Craftspring: Celebrating Silk Road Crafts


Back in high school, Anne-Laure was already passionate about the Silk Road.

She dreamed of Kyrgyzstan, Tajikistan and read anything related to Central Asia: from literature to cookbooks.

I remember visiting together the Genghis Khan exhibition at the Metropolitan Museum in New York to admire the beautifully woven saddles that once covered Genghis Khan horses. For every new culture encountered (and conquered), would be a new layer of symbols woven in the fabric. Among them, I vividly remember the Buddhist swastika. It was then I realized the power of textile in conveying stories.

Following university, Anne-Laure received a fellowship to travel on the Silk Road and write about the artisans of the Silk Road and globalization. Traveling for a year by bus, train and plane, she met craftsmen perpetuating their art from multiple generations. She conversed using her fluent Mandarin, nascent Kyrgyz and hands.

In gathering stories from the artisans, she realized a wealth of traditional craftsmanship and know-how was on the brink of extinction. Instead of blaming globalization, she aimed to use luxury trends in developed countries as an opportunity to create a new market for these craftsmen (many of them women).

That is how Central Asian Craftspring came about.

Craftspring aims to create a socially responsible exchange celebrating Central Asia’s craftsmanship in a way that respects traditional methods and local natural materials.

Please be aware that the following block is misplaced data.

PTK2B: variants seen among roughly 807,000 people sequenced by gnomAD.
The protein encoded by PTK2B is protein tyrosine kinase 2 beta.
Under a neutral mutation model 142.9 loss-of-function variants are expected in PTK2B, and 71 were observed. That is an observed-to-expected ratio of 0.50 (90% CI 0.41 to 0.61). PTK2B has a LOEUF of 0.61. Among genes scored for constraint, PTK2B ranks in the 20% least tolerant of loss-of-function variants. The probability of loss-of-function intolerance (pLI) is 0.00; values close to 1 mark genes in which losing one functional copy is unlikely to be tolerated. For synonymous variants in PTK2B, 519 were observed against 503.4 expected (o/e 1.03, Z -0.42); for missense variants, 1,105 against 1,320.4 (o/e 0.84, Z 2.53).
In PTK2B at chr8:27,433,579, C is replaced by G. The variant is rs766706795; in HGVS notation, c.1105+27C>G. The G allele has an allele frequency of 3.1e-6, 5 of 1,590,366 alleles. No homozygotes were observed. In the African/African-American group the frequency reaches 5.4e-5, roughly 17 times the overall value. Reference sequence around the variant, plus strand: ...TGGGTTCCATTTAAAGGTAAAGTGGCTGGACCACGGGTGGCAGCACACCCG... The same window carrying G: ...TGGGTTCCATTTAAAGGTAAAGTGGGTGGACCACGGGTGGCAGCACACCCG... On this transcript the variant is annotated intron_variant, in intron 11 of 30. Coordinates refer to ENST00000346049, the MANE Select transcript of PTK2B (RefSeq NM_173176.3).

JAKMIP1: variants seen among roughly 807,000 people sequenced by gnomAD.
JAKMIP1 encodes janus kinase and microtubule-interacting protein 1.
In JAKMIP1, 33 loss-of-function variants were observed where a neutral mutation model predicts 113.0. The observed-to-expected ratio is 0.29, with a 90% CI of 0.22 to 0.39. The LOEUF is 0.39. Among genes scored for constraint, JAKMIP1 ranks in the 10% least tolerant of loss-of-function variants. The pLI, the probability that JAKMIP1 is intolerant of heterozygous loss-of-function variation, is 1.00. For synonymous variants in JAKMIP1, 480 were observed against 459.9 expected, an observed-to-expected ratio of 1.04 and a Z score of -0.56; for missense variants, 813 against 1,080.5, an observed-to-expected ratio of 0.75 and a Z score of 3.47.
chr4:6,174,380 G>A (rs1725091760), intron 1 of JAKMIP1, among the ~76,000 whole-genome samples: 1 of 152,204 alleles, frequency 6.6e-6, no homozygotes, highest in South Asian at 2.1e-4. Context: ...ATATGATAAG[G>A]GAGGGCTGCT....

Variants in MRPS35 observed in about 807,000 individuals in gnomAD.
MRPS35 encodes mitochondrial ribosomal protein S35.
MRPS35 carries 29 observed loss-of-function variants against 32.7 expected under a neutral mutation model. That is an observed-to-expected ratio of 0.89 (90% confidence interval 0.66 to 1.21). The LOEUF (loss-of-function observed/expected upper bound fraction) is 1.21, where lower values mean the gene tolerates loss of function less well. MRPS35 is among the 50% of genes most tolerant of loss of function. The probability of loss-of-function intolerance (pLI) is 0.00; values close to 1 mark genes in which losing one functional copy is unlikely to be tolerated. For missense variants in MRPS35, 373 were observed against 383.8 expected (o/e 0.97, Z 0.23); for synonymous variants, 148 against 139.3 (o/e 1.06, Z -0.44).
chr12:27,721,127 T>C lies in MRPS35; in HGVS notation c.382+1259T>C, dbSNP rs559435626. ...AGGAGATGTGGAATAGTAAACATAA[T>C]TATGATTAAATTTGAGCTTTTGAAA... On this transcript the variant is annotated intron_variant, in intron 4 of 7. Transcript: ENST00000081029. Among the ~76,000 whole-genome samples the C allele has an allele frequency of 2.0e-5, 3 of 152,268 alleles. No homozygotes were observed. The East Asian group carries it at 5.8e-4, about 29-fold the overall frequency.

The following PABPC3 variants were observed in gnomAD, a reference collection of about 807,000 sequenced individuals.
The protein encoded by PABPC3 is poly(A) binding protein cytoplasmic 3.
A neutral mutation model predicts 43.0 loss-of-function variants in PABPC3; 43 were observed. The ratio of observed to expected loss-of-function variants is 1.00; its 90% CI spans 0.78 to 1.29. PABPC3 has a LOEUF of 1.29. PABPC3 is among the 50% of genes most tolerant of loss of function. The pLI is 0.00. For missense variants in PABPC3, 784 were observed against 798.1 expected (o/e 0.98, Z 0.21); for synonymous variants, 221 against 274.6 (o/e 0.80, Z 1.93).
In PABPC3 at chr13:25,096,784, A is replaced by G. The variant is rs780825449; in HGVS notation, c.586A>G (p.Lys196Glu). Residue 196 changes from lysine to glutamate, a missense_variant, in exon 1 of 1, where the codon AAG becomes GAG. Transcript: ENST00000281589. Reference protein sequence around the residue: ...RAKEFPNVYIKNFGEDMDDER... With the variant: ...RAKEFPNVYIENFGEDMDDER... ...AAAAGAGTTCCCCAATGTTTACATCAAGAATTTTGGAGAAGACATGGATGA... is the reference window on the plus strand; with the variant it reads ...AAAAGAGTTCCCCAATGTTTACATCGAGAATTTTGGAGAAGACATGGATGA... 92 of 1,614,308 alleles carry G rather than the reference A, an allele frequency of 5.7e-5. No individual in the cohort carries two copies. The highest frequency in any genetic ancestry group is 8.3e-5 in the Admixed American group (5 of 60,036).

“The wool Craftspring uses supports herders who continue to uphold a semi-nomadic lifestyle, herding their flocks to the Tian Shan Mountains very summer.”

Storytelling remains central to Anne-Laure’s approach in the way she highlights the craftsmen, traditions and socioeconomic context through a personal and poetic voice.

Her first order, Ombre Antlers, Red Reindeer and the Miles to Go Donkey, came last year from Anthropologie.

Above is a photo I took of her beautiful catalogue that came in the post today.

I look forward to seeing Anne-Laure bring the wonders of the Silk Road to the world.

2 Responses to “Craftspring: Celebrating Silk Road Crafts”

  1. Hello

    My name is Lydia Campbell. I run a small boutique hotel from my home in
    London. I am beginning to promote hand made utilitarian products on the
    website and in the hotel. I use the kyrgyzstan felt slippers for my guests
    to use. I would like to have a supply for them to buy.

    I understand that the slippers and felt products are produced by women who do not have any other means of earning a living. I would like to establish supply of a regular small quantity

    I am not having much luck contacting craft spring. Would you be able to put us in contact with each other.

    Love your blog btw.

    Best Regards

    • Lydia,
      Great to meet you!
      Your B&B looks gorgeous. I love that you are offering Kyrgyz felt slippers to your guests.
      I will forward your email to my friend Anne-Laure, the founder of Craftspring. Let me know is she gets back to you!

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